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Your "go-to" ride

Old 10-22-21, 07:56 AM
  #1  
rumrunn6
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Your "go-to" ride

when you're not sure where to go ride, where do you go? what's your "old-faithful" ride that is always a good idea? and why is that ride so dependable?

for me, it's a paved trail, a short drive from home, I can ride 2 hrs easy, it's safe, near services, including rest rooms & food afterwards, has some visually & socially pleasing highlights

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Old 10-22-21, 08:09 AM
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Wildwood
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On an afternoon ride the hang gliders may be landing along the way to Issaquah.
Closest city to reach from home.
Least hilly route.
About 20 miles.
Can handle the terrain with the vintage gearing on most of my bikes.
And there is more to look at.

Last edited by Wildwood; 10-22-21 at 08:19 AM.
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Old 10-22-21, 08:13 AM
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Juan Foote
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When I lived in another place, it was a 10 mile ride around town. There were several routes you could take from table flat up to 'gentle' rollers. The ride was through a bunch of neighborhoods and included the town square. The people there were super cool and patient about bike riders, and aside from that the town wide speed limit was never above 35. I totally miss living there is nothing else for that aspect.
Where I live now, the best and easiest places to ride are a local park with a walking/biking trail and the golf cart paths in Peachtree City. I do it far less than I should simply due to the load up the truck and go aspect.
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Old 10-22-21, 08:18 AM
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msu2001la
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My favorite weekday AM ride is a 25 mile out-and-back along Lake Michigan. The turnaround point is a peninsula that juts out into the lake and has a fantastic view of the Chicago skyline. I'm typically out there as the sun is coming up over the lake. I love this route because 95% of it is on an off-street paved trail that is very busy on weekends, but at 5-6am on a weekday is usually pretty empty. I only have to navigate a few blocks of city riding to get to it.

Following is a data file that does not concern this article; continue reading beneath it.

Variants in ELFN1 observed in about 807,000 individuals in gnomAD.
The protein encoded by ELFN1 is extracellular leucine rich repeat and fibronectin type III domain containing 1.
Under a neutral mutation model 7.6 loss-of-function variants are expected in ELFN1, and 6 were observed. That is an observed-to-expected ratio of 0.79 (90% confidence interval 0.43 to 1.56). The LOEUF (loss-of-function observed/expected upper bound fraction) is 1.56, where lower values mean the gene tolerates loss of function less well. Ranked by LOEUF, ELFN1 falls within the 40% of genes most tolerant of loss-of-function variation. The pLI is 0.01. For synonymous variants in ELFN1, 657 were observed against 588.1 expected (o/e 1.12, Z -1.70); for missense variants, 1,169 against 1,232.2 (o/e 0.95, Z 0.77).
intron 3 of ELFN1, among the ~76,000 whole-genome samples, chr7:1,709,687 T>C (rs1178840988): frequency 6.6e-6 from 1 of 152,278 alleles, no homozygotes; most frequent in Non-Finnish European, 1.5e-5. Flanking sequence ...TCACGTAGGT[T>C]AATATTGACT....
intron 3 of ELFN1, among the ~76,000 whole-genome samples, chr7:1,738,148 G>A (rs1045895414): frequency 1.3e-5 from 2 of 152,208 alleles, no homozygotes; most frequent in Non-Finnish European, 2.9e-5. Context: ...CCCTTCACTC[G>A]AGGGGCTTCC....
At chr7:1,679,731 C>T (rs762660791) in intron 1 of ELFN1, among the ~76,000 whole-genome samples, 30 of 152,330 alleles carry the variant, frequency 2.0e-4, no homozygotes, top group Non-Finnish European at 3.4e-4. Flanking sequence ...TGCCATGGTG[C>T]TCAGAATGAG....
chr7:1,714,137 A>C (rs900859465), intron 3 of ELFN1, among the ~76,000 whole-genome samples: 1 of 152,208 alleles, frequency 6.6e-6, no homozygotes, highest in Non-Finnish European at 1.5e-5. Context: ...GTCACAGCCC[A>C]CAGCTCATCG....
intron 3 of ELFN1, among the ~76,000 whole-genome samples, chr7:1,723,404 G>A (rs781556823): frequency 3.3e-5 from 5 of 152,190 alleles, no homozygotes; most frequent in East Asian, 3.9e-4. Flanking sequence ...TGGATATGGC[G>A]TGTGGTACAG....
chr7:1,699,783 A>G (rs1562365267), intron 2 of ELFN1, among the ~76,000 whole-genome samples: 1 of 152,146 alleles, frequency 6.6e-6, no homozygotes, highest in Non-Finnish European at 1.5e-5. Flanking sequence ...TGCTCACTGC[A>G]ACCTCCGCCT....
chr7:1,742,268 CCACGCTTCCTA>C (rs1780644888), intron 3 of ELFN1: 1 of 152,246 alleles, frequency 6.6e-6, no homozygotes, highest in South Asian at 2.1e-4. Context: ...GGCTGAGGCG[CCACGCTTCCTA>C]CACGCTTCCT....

I've seen so many amazing lakefront sunrises while riding this route. Here's on I took recently:
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Old 10-22-21, 08:20 AM
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Evanston to Fort Sheridan via Sheridan Road. Pretty much a quick 30-miler on a decent road. Essentially, the gateway to all rides north of Chicago.

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Old 10-22-21, 08:27 AM
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Originally Posted by thinktubes View Post
Evanston to Fort Sheridan via Sheridan Road. Pretty much a quick 30-miler on a decent road. Essentially, the gateway to all rides north of Chicago.
Wicker Park to Ft Sheridan is one of my favorite weekend morning rides. It's a great road and amazing to see all the cyclists and group rides that are on that route.
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Old 10-22-21, 08:28 AM
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Originally Posted by msu2001la View Post
Wicker Park to Ft Sheridan is one of my favorite weekend morning rides. It's a great road and amazing to see all the cyclists and group rides that are on that route.
Also, a lot of exotic/vintage sports cars and motorcycles - if you're into that.
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Old 10-22-21, 08:37 AM
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I guess a common solo ride for me is a18-25mi 50/50 route of paved roads getting out of town, then gravel roads, then paved roads once back in town.
It's some rolling climbing on the paved roads, then a handful of good climbs on gravel as I go in and out of a river valley, and then it's flat for a bit and a steady incline to end.

I do it a good bit since it gets my heart moving with a lot of short steep climbs that are 7-12% grade, it's short enough to be done in 60-80min depending on the exact route and traffic, and half of it is on dead quiet roads with views of a river valley.

Gravel bike is used.
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Old 10-22-21, 08:37 AM
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I am lucky to have some singletrack MTB trails and some gravel trails very close to home. I don't don't even have to drive to get there, I can leave home on my bike. It's been my go-to places for many years all year round. Some of my favorite rides there have been during winter. Sometimes I just don't feel like driving out of town to get a ride, so I it's nice to have something close to home.
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Old 10-22-21, 08:41 AM